Poulet Vous? Ah Ha!

We have a treat for you this month as Niall has put his head above the literary parapet and written an article!
In answer to one of our facebook queries Niall has agreed to impart what chicken knowledge he has gained over 8 years living with a number of birds.

Keeping Chickens in your Garden
Let me start by saying I am no expert on keeping chickens. I have being doing so for the last 8 years and have made plenty of mistakes but to be honest nothing too serious. Keeping chickens has to be one of the easier roads I took on my journey to produce my own food.

As a city boy turned smallholder I knew little at the outset and had a lot of learning to do. Many of you will already know the following but the basic questions are the ones I’m always asked so here we go:

Do I need a Cockerel for my chickens to have eggs? No.
Hens will produce eggs whether there is a cock around or not. They do however tend to produce better eggs when a cockerel is looking after them. He will find food and scrapings for them which lead to healthier eggs.

Can I eat eggs that a Cockerel has fertilized? Yes
When a cockerel is looking after his women all of your eggs will be fertilized. You won’t notice any difference. On occasion if you leave an egg for a few days before collecting it you may get a small red blotch in the yolk. This is not a problem and the eggs are still perfectly fine to eat.

Where do I keep my chickens?
Depending on how much space you have available you have a number of options. The important things are that they have a space that they can be locked in to at night to protect from both the elements and foxes, mink or Pine Martens. I lost 12 chickens last winter to a local Pine Marten. It was cold so I guess she had to feed her young but if I had better housing this wouldn’t have happened.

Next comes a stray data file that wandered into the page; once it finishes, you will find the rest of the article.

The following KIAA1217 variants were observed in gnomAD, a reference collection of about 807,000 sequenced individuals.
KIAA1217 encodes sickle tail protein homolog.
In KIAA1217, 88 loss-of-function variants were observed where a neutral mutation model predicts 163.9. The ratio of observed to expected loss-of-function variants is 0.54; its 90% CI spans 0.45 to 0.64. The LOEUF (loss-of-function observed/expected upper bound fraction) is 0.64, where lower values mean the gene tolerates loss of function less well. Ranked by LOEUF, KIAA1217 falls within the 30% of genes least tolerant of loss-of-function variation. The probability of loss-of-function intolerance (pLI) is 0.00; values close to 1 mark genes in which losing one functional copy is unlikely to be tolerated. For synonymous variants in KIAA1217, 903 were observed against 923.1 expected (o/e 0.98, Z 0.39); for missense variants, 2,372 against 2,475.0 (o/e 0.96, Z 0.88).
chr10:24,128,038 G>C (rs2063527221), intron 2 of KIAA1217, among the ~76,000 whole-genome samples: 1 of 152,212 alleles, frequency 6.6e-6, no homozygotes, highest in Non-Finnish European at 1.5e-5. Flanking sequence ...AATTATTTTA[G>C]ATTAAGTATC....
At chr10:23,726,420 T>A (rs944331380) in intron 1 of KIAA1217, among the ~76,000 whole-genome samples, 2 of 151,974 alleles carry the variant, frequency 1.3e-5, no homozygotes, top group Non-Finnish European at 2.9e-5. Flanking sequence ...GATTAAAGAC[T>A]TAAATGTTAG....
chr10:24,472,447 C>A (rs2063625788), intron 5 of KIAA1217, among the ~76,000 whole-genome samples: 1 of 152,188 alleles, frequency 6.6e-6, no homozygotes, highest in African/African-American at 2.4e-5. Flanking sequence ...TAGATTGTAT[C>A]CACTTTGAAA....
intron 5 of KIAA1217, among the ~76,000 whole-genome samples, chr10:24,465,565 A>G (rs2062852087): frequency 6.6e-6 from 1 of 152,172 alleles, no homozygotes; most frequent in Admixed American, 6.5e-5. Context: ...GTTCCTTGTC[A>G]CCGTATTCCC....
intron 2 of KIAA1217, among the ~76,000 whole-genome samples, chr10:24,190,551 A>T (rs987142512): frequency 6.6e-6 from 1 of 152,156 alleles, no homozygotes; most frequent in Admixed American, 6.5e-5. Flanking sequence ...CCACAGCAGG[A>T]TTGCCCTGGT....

If you have a small area to keep your chickens in there are a number of companies who will deliver housing with hens. A lot of these units have wheels and can be moved around the garden every few days so that they don’t create muddy patches in your garden. If you want to do it yourself here is a good link to a site that shows you how to build your own hen housing. Easy DIY Chicken Plans.

What do I feed my hens?
It depends on how organic you want to be. I feed my chickens a mix of Layers pellets and rolled Barley. This is supplemented by the scraps from the kitchen. Some people don’t like to give them the scraps but to be honest it makes a big difference to the taste of the eggs. You’ll get layers pellets from your local agricultural suppliers.

How often do they lay an egg?
One of the best breeds for laying are Rhode Island Reds. If you get them young they will not lay until their 6 month birthday. From then on they will lay about once a week initially, improving to once a day in the peak of the season. A good Hen in her first year should give you about 5 eggs a week. 3 hens in good form will therefore give you between 10 to 15 eggs a week from February to about September. This will decrease to roughly 6 eggs a week between September and January.

Do chickens need to be put in at night? Yes